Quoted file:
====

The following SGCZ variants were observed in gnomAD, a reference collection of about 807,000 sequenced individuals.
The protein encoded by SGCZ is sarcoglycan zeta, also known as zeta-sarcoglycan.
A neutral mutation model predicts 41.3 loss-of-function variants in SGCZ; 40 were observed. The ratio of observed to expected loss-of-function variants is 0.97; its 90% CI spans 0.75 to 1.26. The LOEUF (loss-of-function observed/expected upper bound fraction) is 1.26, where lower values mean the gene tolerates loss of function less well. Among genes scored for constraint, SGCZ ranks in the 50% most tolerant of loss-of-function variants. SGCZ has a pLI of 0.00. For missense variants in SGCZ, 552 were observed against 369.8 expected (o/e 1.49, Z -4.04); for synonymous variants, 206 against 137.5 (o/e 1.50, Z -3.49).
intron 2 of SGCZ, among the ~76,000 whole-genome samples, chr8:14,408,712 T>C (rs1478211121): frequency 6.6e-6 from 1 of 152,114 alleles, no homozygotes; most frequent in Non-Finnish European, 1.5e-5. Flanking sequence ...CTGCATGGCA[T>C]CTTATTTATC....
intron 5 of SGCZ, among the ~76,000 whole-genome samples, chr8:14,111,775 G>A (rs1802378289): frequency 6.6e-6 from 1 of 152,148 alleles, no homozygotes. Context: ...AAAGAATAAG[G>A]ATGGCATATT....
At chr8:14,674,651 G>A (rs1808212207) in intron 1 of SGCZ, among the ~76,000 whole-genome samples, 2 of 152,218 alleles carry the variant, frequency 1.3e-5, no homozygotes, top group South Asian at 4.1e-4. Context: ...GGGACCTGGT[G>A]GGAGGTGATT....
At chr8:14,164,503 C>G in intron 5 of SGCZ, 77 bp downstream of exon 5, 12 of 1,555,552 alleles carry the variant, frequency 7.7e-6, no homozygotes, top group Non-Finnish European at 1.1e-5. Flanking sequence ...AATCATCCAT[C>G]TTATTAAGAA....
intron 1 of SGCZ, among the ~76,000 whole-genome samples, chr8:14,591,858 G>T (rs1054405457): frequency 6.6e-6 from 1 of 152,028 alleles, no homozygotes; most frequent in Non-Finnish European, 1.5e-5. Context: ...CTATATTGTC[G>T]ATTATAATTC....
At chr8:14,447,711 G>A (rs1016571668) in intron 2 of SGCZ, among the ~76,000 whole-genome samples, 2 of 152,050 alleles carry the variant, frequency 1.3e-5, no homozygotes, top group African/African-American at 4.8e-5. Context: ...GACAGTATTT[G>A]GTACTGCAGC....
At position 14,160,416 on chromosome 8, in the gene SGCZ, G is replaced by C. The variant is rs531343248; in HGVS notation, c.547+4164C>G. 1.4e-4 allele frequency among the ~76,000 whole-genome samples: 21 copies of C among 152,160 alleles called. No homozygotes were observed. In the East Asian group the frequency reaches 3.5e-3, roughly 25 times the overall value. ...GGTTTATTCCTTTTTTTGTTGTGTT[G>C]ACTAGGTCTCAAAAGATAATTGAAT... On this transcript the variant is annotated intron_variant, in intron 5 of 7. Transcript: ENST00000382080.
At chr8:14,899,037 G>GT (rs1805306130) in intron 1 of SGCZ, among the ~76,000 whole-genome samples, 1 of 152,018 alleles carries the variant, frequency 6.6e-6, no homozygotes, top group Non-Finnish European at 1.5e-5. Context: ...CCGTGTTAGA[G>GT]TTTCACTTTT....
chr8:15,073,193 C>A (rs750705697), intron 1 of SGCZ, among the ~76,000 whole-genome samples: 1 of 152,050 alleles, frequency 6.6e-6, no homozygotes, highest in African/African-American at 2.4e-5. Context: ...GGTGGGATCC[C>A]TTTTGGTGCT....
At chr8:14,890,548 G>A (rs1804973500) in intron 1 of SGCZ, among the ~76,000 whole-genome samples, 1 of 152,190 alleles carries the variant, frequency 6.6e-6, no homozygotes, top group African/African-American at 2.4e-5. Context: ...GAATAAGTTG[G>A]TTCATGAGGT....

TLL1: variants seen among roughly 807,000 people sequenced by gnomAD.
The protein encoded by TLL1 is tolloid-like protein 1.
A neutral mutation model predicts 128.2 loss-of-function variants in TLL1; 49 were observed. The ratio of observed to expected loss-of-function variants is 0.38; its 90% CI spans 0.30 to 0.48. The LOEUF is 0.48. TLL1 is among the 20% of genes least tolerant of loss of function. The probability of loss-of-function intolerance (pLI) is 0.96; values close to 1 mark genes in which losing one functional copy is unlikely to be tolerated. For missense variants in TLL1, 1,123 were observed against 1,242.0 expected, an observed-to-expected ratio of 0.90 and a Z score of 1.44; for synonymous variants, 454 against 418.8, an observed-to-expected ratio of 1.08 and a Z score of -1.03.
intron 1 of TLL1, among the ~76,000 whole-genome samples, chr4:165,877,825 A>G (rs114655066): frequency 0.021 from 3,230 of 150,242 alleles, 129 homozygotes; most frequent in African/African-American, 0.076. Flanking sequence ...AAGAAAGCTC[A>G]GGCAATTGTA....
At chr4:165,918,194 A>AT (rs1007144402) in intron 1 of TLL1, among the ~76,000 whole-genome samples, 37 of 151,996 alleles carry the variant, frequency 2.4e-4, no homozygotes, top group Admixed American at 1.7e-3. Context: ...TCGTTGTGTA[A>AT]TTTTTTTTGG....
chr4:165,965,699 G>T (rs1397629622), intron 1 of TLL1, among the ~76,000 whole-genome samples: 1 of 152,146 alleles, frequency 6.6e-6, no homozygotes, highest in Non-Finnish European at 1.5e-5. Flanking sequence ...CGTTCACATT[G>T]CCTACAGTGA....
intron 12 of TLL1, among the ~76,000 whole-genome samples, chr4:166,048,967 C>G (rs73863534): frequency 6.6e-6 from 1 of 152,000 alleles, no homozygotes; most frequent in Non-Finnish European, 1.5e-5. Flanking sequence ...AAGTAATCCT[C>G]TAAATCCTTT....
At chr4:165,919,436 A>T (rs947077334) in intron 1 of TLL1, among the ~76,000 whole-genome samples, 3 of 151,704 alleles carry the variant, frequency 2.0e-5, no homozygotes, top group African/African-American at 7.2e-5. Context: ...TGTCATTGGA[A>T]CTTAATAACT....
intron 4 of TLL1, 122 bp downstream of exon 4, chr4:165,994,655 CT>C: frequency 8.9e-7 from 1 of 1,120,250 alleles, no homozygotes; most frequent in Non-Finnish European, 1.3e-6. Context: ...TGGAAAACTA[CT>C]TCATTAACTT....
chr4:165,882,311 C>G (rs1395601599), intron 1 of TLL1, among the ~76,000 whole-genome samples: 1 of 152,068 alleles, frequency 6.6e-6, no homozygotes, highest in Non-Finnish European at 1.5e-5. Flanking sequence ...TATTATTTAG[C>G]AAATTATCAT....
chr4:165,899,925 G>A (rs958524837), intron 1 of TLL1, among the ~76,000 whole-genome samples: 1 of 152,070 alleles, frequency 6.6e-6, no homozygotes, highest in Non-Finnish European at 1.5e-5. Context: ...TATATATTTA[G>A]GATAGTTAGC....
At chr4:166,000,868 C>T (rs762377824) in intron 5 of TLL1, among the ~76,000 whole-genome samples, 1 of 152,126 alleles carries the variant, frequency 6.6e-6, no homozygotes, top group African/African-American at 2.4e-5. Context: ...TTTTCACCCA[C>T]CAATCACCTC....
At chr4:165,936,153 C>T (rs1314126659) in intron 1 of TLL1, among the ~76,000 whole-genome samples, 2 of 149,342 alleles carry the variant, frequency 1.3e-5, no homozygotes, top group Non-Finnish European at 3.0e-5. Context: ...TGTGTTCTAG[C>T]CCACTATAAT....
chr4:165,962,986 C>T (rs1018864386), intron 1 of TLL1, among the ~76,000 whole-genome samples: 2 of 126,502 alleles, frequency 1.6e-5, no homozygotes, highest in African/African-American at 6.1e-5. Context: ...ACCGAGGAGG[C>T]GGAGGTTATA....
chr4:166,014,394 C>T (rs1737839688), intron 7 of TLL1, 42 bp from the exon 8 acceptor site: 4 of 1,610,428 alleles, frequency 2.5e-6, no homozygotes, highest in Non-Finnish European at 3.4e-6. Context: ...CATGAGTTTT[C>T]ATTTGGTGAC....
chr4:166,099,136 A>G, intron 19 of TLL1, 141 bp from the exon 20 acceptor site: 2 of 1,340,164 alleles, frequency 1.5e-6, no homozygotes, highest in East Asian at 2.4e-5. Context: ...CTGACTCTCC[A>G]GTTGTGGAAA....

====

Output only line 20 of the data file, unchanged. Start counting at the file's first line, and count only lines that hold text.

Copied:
intron 12 of TLL1, among the ~76,000 whole-genome samples, chr4:166,048,967 C>G (rs73863534): frequency 6.6e-6 from 1 of 152,000 alleles, no homozygotes; most frequent in Non-Finnish European, 1.5e-5. Flanking sequence ...AAGTAATCCT[C>G]TAAATCCTTT....